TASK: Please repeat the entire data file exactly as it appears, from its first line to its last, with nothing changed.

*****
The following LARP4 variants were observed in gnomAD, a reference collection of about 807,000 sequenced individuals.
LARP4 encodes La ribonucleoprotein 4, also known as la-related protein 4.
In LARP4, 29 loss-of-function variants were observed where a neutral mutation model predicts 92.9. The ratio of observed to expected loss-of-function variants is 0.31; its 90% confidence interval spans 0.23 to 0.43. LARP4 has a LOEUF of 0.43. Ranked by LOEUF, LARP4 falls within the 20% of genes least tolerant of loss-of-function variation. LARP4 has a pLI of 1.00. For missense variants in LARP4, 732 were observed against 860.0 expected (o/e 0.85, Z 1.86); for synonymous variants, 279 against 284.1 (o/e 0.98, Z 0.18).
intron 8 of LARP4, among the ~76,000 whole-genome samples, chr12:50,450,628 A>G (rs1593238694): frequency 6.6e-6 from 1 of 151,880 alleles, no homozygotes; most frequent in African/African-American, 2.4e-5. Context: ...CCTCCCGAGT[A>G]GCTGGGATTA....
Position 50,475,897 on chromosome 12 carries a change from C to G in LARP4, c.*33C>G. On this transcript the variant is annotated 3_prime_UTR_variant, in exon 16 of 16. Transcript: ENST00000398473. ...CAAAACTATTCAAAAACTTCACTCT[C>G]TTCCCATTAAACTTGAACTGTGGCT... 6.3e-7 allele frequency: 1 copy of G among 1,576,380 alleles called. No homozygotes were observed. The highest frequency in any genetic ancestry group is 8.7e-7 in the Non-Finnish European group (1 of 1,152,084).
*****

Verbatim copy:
The following LARP4 variants were observed in gnomAD, a reference collection of about 807,000 sequenced individuals.
LARP4 encodes La ribonucleoprotein 4, also known as la-related protein 4.
In LARP4, 29 loss-of-function variants were observed where a neutral mutation model predicts 92.9. The ratio of observed to expected loss-of-function variants is 0.31; its 90% confidence interval spans 0.23 to 0.43. LARP4 has a LOEUF of 0.43. Ranked by LOEUF, LARP4 falls within the 20% of genes least tolerant of loss-of-function variation. LARP4 has a pLI of 1.00. For missense variants in LARP4, 732 were observed against 860.0 expected (o/e 0.85, Z 1.86); for synonymous variants, 279 against 284.1 (o/e 0.98, Z 0.18).
intron 8 of LARP4, among the ~76,000 whole-genome samples, chr12:50,450,628 A>G (rs1593238694): frequency 6.6e-6 from 1 of 151,880 alleles, no homozygotes; most frequent in African/African-American, 2.4e-5. Context: ...CCTCCCGAGT[A>G]GCTGGGATTA....
Position 50,475,897 on chromosome 12 carries a change from C to G in LARP4, c.*33C>G. On this transcript the variant is annotated 3_prime_UTR_variant, in exon 16 of 16. Transcript: ENST00000398473. ...CAAAACTATTCAAAAACTTCACTCT[C>G]TTCCCATTAAACTTGAACTGTGGCT... 6.3e-7 allele frequency: 1 copy of G among 1,576,380 alleles called. No homozygotes were observed. The highest frequency in any genetic ancestry group is 8.7e-7 in the Non-Finnish European group (1 of 1,152,084).